Dealing with the death of a loved one is hard enough without having to worry about their financial obligations. However, understanding who is responsible for a deceased relative’s debts may help alleviate some stress during this time of grief.
Creating an estate plan allows a person to provide specific instructions in advance concerning how their estate, assets, and final affairs should be managed or settled after their demise. However, when a loved one has cognitive impairment or dementia, they may need help addressing estate planning matters. An experienced Texas estate planning attorney can inform you about some vital documents to put in place at the beginning stages of dementia.
Weddings always require a great deal of preparation. From the invitations to the cake, everything has to be perfect. However, it can be easy to overlook other critical preparations, such as an estate plan. Estate planning is critical, particularly when entering a second marriage.
No one is ever quite prepared for what to do when a loved one dies. In addition to dealing with your grief, you’ll also have to think of practical matters such as arranging the funeral, obtaining a death certificate, and executing the will. In times like this, it can be extremely helpful to work with an estate planning attorney to ensure you’re not only tying up the loose ends of your loved one’s life, but also following all pertinent state and local laws regarding their estate.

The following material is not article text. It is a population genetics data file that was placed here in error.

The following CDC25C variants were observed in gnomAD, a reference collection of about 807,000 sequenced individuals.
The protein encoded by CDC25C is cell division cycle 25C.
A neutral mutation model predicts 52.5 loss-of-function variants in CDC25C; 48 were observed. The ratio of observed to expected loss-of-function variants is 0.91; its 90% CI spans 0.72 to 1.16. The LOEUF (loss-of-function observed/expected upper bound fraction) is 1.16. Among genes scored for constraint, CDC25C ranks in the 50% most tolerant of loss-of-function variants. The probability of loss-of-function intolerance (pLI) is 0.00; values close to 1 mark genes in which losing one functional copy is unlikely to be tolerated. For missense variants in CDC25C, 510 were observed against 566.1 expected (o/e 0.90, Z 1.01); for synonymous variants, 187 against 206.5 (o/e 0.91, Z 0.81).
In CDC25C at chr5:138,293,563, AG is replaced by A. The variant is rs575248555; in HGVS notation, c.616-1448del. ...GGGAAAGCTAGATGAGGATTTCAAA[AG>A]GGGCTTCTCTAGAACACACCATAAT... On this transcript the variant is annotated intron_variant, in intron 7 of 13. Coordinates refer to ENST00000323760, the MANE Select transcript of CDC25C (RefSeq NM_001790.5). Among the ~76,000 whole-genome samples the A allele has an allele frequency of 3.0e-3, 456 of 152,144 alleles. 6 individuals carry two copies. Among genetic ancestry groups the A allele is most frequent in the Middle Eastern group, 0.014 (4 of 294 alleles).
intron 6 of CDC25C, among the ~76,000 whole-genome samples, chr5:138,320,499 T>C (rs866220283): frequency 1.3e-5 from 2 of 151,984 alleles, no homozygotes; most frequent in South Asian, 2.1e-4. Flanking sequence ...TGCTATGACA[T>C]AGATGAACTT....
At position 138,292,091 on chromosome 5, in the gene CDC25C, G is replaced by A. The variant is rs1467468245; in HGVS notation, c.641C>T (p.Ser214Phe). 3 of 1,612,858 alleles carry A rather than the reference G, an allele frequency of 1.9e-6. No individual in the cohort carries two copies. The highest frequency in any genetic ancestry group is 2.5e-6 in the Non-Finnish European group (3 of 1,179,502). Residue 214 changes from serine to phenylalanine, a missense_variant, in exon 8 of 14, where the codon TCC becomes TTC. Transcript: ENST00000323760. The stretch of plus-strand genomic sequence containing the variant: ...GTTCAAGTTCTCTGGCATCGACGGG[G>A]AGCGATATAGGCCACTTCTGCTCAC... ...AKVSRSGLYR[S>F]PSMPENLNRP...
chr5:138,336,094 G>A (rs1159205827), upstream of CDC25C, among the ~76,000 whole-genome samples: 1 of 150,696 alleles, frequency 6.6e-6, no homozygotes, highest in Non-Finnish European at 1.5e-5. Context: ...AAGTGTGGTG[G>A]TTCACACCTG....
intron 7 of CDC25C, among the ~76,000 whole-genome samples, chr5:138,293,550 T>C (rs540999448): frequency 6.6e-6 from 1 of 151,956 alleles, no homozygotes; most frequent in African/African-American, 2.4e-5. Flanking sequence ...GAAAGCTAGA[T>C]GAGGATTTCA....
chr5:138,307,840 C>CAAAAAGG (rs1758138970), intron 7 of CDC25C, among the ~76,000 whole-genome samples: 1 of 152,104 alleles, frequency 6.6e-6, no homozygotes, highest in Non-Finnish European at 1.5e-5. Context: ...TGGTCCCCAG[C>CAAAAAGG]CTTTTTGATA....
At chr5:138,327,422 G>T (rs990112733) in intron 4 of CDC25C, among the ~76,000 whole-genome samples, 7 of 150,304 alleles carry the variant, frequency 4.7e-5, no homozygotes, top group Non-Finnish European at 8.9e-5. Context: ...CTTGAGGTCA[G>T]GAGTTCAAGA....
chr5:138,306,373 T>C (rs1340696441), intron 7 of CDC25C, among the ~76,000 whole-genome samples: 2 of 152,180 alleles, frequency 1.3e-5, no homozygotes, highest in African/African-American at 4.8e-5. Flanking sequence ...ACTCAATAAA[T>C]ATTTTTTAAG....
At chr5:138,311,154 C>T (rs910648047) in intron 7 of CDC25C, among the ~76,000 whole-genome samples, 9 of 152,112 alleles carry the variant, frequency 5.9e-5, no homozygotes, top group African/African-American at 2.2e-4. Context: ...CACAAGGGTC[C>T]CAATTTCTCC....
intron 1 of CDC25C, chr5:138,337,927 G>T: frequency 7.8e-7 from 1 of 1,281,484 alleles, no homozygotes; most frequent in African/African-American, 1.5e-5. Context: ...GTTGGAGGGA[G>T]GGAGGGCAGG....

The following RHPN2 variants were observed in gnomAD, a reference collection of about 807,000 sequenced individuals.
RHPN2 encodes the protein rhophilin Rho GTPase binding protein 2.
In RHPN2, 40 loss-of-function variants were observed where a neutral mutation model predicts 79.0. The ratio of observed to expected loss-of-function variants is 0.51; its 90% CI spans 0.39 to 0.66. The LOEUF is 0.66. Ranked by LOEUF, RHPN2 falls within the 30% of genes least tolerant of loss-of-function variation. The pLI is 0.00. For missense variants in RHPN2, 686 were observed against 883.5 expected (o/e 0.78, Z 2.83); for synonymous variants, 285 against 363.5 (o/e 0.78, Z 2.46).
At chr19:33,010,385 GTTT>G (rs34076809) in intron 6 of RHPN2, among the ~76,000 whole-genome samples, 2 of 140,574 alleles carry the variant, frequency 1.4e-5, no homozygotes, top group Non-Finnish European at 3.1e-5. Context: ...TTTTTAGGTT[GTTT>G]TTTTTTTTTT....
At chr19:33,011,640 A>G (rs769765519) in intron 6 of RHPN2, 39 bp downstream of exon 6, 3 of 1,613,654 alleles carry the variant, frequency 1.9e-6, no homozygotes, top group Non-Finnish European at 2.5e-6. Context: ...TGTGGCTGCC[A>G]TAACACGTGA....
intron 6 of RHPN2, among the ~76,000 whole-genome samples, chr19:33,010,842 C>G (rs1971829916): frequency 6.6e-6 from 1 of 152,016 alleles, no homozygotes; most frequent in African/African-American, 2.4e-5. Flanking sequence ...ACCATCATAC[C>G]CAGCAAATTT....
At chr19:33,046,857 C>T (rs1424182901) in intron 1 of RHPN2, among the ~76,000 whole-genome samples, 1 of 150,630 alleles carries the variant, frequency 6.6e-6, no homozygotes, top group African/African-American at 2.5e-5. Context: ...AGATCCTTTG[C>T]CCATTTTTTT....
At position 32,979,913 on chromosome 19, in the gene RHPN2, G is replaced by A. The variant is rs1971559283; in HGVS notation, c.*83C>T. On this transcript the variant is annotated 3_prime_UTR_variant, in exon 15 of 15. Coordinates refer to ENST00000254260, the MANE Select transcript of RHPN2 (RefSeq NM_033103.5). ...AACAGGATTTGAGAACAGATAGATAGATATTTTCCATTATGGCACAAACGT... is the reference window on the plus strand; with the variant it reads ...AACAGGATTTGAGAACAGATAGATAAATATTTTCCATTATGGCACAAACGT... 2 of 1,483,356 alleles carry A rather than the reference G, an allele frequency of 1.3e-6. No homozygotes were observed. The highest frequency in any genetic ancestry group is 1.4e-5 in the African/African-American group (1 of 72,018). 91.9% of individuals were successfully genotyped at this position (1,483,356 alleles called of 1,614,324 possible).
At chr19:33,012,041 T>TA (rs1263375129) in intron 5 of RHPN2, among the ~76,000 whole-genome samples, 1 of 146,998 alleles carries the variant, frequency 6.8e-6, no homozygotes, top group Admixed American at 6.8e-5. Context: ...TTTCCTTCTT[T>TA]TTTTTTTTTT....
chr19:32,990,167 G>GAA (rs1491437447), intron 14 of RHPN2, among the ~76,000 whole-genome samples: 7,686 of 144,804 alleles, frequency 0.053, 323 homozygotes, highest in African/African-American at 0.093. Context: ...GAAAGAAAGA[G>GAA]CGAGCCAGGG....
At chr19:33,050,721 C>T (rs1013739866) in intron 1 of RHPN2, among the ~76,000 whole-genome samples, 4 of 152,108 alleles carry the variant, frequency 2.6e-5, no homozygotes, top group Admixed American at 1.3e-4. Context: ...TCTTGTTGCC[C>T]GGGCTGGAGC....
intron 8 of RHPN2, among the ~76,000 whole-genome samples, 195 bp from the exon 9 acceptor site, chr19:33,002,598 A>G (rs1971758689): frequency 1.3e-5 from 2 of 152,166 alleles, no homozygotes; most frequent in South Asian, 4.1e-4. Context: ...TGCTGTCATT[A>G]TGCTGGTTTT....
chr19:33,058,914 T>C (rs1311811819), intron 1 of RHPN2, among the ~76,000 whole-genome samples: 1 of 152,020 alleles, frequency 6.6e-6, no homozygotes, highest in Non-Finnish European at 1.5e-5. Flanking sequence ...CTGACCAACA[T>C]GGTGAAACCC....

With so many people sharing personal stories and news articles online, it can be difficult to know what’s a myth and what’s the truth. Rumors can cause real distress, so it is crucial to find out the truth before you act.
When you first start estate planning, you may be overwhelmed by all the choices in front of you. Admittedly, it can be hard to know what should happen with your assets and how you can best support your loved ones after you pass. Here's a checklist of topics to explore so you know what to consider before you start your estate plan.
Remarriage is a growing trend in Texas and across the United States. For many children, seeing their divorced or widowed parents find love once again and remarry is a thing of joy. At the same time, remarriage may also be a cause for concern.
When a person dies in Texas, their will – if available – and the estate must pass through the probate process to administer the decedent's estate and settle their final affairs. During probate, the deceased person's assets are collected and evaluated, debts and taxes are paid, and the remaining assets are distributed to the rightful inheritors.
Probate is the process of administering the estate and settling the affairs of someone who has recently passed away. If that person leaves a will, the will generally designates someone to be the personal representative of the deceased. The probate court will then name the personal representative to be the executor of the estate.
As we get older, our lives become increasingly complicated. We start new careers, get married, have children, and start building our family’s legacy. A big part of this involves planning for the future, and there’s no better way to do this than with an estate plan.